include "/afs/umbc.edu/public/web/sites/libgallery/prod/htdocs/boiler_header.txt"; ?>
April 8 – May 31, 2013
Tuesday, April 23, 2013
Symposium: Print Media, Photography and Art
A panel discussion focused on the intersection of print media, journalistic photography and art featuring UMBC faculty and Baltimore Sun staff.
Panelists include: Tom Beck, moderator, UMBC's Chief Curator of Photography and an Affiliate Associate Professor of Photography for UMBC's Department of Visual Arts; Christopher Corbett, Professor of English for UMBC's Department of English; retired Baltimore Sun Photographer, Jed Kirschbaum; William F. Zorzi, retired Baltimore Sun Reporter and actor in HBO's The Wire
Newspaper photography creates narrative and demands the cooperation of the photographer, the editor and the subject. This practice was born out of traditions that stretched back to early news photographs which were re-interpreted by an engraver before the image could be published. A retoucher employed ink and paint to bring out salient details and to provide cropping instructions to the newspaper designers. The edited news photograph was not intended to exist today - it was only to be known through reproductions, a practice that conceals its conceptual significance.
At one time, the photo editor made an art form of sleight of hand, of juggling pieces of photographs; the constructed imagery resulted in novel compositions. Presented as news, these creations were merely fragments of the "real" world. Even as the photo-editor insisted on the reality of each photograph's individual elements, he denied them any sense of uniqueness or wholeness by subordinating individual elements to the picture's overall composition. This exhibition does not ask why photo-editors or retouchers chose to edit what they did, and what the consequences - visually, socially, historically - of this action might have been. Instead, this exhibition examines the edited newspaper photograph as art objects in and of themselves. The infinitely reproducible photograph, with the help of the editor's hand, reclaims the aura of the original. Contrasting areas of slick photograph and thick paint create corresponding states of tension and equilibrium. With the passage of time, that which was altered or omitted became elusive, then contingent upon elements which remain visible, the current cultural context, and the psyche of the viewer. The hand-edited photograph, with its marks of revision, is an elegant alternative to the photograph as "window onto the world."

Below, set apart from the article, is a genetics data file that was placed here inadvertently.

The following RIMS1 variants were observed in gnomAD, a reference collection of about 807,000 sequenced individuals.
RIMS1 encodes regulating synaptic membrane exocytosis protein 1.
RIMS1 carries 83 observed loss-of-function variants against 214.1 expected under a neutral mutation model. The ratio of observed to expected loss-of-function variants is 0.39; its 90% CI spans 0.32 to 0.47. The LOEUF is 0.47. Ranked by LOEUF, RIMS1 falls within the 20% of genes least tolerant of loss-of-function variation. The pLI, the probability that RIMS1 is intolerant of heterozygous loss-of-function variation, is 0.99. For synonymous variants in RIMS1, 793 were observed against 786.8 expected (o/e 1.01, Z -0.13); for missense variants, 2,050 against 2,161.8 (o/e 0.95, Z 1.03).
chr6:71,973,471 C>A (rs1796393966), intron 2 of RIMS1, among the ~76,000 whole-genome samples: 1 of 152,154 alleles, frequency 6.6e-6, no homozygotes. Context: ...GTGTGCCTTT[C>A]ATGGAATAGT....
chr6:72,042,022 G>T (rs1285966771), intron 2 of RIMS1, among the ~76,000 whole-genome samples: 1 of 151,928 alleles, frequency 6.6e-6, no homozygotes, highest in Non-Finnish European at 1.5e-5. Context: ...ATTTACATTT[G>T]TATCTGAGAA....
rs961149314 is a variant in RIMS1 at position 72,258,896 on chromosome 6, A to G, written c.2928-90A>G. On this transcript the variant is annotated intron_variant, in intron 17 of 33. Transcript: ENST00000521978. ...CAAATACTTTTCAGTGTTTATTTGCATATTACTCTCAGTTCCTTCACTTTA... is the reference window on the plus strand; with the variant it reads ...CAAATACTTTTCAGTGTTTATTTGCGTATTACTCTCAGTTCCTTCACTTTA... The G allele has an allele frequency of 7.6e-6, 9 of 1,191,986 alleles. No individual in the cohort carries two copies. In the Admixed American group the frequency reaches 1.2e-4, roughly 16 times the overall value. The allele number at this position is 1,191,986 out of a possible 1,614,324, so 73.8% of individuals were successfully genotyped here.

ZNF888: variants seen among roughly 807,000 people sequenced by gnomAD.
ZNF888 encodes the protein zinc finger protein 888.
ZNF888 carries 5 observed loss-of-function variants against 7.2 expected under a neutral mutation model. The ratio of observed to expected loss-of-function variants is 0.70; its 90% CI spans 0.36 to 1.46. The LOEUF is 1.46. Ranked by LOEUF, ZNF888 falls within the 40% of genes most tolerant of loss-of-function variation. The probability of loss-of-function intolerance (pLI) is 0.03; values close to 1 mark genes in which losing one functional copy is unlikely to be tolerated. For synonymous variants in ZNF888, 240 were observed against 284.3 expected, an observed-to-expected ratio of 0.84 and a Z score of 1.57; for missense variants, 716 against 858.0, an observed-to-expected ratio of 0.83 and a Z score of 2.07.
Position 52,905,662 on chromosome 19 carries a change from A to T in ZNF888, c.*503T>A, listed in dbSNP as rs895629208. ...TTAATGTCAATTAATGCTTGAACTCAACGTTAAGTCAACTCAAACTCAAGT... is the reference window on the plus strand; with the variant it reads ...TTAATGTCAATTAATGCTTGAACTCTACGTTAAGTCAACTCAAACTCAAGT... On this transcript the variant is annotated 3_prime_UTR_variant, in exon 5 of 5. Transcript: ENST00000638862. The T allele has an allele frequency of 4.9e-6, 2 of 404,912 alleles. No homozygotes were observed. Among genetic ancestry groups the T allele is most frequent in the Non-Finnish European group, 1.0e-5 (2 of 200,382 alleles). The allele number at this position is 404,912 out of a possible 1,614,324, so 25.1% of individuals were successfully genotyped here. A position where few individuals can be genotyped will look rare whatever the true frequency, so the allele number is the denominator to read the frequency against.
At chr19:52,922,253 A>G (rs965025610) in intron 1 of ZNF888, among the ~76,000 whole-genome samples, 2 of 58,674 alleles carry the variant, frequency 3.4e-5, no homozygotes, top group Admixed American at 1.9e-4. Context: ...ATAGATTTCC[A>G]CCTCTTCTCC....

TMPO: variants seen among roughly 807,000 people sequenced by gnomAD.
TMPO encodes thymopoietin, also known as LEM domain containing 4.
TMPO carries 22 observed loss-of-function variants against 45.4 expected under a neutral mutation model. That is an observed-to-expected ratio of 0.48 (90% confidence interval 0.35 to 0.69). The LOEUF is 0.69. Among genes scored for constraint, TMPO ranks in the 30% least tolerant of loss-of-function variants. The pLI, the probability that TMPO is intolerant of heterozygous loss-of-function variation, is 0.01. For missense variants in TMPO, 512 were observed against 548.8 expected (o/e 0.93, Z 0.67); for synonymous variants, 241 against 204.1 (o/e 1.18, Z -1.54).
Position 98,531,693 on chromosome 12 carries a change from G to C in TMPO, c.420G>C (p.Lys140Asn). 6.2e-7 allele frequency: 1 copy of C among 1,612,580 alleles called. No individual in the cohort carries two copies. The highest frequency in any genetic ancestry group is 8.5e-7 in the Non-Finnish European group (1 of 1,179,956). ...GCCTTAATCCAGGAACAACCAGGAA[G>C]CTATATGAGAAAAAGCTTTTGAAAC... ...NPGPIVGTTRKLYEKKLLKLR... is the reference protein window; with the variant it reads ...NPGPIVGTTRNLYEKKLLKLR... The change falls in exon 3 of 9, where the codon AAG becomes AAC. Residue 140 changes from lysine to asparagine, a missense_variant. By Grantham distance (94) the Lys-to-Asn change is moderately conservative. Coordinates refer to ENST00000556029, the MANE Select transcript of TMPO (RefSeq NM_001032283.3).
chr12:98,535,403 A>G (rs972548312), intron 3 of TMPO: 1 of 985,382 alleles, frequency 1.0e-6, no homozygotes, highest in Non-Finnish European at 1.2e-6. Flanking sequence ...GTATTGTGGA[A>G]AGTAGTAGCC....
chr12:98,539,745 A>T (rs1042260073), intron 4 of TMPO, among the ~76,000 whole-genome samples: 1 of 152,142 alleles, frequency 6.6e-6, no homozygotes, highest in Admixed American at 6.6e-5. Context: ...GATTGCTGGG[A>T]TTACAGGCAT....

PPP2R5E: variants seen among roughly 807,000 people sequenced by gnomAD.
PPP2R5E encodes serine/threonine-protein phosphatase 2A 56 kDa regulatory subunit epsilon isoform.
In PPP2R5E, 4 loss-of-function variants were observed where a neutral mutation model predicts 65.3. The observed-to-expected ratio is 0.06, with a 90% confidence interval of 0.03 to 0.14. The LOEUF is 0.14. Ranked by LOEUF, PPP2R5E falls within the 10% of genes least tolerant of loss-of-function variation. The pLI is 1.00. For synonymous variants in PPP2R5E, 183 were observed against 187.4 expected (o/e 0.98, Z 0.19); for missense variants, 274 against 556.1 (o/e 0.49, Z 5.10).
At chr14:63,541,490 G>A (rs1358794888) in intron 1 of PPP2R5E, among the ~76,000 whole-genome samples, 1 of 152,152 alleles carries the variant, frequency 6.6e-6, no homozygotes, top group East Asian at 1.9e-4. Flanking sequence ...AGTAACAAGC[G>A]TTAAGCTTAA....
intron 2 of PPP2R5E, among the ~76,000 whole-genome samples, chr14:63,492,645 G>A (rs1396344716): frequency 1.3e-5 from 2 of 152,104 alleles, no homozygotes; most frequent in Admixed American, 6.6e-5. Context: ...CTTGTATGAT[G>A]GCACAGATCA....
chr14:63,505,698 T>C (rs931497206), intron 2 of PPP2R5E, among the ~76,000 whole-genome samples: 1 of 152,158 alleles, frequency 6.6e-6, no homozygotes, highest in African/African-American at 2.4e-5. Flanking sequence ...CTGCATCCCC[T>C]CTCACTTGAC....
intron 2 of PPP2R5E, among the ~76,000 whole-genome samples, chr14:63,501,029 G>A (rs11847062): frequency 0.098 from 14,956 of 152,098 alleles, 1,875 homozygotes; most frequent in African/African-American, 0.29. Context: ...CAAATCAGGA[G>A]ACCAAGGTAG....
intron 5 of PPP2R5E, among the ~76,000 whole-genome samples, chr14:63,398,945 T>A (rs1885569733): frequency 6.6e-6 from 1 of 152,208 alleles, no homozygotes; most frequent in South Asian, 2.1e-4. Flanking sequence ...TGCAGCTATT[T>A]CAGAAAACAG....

A New Context is sponsored in part by The Baltimore Sun.
This exhibition was curated from pieces collected from the Baltimore Sun Archives housed in UMBC's Special Collections in the Albin O. Kuhn Library. Approximately 750,000 prints, negatives and transparencies dating from the 1930s through the 1980s are contained in the Sun photography collection. It is estimated that 90% are original Baltimore Sun photographs while the remaining are from non-Sun sources.